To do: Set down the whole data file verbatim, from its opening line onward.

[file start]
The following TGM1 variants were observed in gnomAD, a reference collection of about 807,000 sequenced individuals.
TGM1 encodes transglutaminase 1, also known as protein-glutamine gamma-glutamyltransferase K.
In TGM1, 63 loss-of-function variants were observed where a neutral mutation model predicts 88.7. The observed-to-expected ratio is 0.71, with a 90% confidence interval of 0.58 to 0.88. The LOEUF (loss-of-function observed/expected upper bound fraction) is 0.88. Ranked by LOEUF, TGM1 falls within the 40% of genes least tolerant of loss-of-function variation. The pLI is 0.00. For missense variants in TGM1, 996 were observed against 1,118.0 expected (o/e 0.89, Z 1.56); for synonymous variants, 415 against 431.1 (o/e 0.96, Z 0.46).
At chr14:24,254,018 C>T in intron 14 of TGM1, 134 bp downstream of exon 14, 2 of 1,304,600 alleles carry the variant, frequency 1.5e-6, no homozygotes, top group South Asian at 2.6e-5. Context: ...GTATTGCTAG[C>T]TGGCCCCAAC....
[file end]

The following TGM1 variants were observed in gnomAD, a reference collection of about 807,000 sequenced individuals.
TGM1 encodes transglutaminase 1, also known as protein-glutamine gamma-glutamyltransferase K.
In TGM1, 63 loss-of-function variants were observed where a neutral mutation model predicts 88.7. The observed-to-expected ratio is 0.71, with a 90% confidence interval of 0.58 to 0.88. The LOEUF (loss-of-function observed/expected upper bound fraction) is 0.88. Ranked by LOEUF, TGM1 falls within the 40% of genes least tolerant of loss-of-function variation. The pLI is 0.00. For missense variants in TGM1, 996 were observed against 1,118.0 expected (o/e 0.89, Z 1.56); for synonymous variants, 415 against 431.1 (o/e 0.96, Z 0.46).
At chr14:24,254,018 C>T in intron 14 of TGM1, 134 bp downstream of exon 14, 2 of 1,304,600 alleles carry the variant, frequency 1.5e-6, no homozygotes, top group South Asian at 2.6e-5. Context: ...GTATTGCTAG[C>T]TGGCCCCAAC....